Help turn EveryTown orange… June 2 for Hadiya


Our daughter, Hadiya, was the light of our life — and she shined even brighter after performing with her marching band at President Obama’s inauguration in 2013.Everytown for Gun Safety 

We never imagined that one week later, she would be murdered with a gun — shot at a park near her school in Chicago.

Hadiya’s high school classmates will be graduating next month. While Hadiya won’t get to walk across that stage, her friends are all going to wear orange on June 2 in her honor — and to inspire action to stop the gun violence that takes too many lives in this country. We’re writing to ask for your help.

Pledge to wear orange on June 2 and show that you’re one of the millions of Americans who believes we must do more to end gun violence in our country. People from all over the country will come together online and in person to declare June 2 National Gun Violence Awareness Day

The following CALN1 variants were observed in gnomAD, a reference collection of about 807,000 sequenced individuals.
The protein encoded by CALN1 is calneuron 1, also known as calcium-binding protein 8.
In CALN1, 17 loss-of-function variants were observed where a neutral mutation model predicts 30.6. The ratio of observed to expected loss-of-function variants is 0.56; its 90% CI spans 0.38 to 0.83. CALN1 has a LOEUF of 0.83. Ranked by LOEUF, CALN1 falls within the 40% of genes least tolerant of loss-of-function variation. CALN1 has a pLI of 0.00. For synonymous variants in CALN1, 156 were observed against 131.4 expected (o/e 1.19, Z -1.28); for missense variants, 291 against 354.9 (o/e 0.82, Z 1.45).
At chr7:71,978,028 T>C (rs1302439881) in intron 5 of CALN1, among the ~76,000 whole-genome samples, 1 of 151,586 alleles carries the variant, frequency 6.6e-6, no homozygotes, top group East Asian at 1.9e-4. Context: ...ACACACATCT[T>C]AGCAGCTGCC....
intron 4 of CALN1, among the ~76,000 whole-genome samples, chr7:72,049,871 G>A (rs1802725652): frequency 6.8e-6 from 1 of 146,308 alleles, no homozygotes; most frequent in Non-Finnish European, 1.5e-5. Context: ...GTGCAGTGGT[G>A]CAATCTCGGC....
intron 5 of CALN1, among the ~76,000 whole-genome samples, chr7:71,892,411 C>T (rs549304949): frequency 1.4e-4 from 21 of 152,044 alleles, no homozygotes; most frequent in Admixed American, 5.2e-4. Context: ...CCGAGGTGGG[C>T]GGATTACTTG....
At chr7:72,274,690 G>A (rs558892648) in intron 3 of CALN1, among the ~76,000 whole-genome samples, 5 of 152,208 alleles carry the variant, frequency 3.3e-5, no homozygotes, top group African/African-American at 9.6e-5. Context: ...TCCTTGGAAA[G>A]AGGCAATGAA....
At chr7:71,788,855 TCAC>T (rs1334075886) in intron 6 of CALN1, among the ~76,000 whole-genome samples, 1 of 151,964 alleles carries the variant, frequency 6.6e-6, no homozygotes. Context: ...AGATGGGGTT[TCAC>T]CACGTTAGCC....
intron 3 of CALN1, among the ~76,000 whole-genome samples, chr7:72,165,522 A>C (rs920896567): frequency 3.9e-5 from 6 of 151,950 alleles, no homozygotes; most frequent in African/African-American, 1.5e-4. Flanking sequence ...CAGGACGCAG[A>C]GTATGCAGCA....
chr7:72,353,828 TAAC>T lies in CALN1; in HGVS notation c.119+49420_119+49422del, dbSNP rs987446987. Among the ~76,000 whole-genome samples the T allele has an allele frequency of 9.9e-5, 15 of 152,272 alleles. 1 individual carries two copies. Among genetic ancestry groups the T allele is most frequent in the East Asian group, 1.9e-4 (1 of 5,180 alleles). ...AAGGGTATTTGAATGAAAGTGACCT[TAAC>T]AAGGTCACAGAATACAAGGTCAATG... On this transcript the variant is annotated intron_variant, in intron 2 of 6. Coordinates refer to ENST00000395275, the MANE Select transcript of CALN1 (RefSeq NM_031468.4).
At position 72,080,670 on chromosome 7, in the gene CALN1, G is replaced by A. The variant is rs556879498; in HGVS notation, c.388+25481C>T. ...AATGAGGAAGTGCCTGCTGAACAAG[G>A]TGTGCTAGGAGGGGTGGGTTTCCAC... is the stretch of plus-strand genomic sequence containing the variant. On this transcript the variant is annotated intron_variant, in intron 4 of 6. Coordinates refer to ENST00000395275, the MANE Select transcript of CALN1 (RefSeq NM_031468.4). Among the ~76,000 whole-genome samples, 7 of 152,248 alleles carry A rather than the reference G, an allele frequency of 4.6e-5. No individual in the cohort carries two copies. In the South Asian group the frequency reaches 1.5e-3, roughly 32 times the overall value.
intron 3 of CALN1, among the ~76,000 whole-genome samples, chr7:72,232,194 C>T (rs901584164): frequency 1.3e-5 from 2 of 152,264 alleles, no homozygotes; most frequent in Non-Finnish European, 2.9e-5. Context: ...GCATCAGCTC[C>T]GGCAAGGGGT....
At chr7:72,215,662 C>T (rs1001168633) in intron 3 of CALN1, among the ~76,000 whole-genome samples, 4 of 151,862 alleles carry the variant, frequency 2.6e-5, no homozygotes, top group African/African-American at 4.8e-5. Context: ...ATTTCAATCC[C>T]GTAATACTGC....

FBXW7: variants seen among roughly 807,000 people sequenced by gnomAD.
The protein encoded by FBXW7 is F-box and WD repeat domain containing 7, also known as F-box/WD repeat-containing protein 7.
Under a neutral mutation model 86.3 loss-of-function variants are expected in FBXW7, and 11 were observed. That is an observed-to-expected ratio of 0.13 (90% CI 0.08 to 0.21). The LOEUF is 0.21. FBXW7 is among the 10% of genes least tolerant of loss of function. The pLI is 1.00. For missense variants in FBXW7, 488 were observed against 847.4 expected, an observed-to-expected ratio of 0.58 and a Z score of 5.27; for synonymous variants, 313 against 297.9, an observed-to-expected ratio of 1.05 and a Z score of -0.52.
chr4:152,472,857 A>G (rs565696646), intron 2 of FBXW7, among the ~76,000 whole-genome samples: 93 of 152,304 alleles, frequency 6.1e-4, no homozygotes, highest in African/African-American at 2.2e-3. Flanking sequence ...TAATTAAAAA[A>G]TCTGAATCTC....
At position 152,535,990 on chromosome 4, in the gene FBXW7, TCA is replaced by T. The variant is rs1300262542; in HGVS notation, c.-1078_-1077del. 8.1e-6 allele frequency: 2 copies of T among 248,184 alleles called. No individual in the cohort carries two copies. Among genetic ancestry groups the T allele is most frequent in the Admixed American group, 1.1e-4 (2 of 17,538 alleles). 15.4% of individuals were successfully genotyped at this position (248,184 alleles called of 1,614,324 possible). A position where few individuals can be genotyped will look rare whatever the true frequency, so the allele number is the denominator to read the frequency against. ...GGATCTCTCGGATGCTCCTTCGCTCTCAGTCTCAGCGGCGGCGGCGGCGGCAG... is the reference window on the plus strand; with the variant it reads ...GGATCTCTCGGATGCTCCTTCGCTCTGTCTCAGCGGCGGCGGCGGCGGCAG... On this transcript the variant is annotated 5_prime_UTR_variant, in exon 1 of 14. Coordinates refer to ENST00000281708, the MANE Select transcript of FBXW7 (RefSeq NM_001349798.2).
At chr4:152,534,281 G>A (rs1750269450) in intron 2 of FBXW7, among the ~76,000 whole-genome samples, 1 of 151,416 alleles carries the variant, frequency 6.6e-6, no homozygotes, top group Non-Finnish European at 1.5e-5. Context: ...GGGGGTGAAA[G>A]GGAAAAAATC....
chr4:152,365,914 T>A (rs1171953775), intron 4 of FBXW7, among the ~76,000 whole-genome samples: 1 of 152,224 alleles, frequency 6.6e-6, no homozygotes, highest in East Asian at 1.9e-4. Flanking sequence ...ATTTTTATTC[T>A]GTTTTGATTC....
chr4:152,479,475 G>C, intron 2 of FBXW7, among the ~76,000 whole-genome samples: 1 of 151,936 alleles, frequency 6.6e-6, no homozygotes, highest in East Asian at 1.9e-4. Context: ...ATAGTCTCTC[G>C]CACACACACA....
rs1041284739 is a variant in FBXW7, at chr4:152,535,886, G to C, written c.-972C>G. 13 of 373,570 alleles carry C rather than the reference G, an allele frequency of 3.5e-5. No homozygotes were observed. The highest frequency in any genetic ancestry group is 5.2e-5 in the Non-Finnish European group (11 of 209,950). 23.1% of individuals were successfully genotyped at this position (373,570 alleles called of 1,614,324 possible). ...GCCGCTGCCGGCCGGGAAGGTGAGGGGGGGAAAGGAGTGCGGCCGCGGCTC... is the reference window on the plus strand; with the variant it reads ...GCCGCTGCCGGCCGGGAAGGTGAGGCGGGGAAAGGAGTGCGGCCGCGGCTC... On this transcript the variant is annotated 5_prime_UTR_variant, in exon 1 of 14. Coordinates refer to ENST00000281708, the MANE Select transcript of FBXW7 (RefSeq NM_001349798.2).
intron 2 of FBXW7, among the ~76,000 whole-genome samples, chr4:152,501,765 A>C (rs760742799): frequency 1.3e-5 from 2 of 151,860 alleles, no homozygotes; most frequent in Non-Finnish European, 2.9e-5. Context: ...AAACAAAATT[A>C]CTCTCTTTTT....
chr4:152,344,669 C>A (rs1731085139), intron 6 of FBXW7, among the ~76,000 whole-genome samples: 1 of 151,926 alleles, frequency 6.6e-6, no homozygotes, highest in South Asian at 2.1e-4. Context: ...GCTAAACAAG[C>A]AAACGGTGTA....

Wear Orange on June 2: Take the Pledge

Hadiya’s friends chose the color orange because it symbolizes the value of human life. Hunters wear orange to alert other hunters that they’re there. It is a way to take care of their own life and the lives of others.

For us, it also represents the enormous potential that is lost when a young person like Hadiya is killed. By wearing orange, we reaffirm the right of every American to live a life free from gun violence.

This day is especially close to our hearts because June 2 would have also been Hadiya’s 18th birthday. We’ll be wearing orange to honor Hadiya and all the love and joy she brought to our community here in Chicago.

Please join us in wearing orange for your loved ones, your city, and our country.

Click below to automatically fill out your pledge, and you’ll receive a reminder to wear orange on June 2 for National Gun Violence Awareness Day:

http://act.everytown.org/sign/wear-orangeGun violence touches every corner of America. We don’t have to live in a country where shootings happen every day. If we all stand up together and demand change, we will succeed.

Thank you for being part of this movement with us.

Sincerely,

Nate and Cleo Pendleton

Cleo and Nate Pendleton

As a movement of Americans fighting for common-sense gun policies, we depend on contributions from supporters like you to fund important work to reduce gun violence.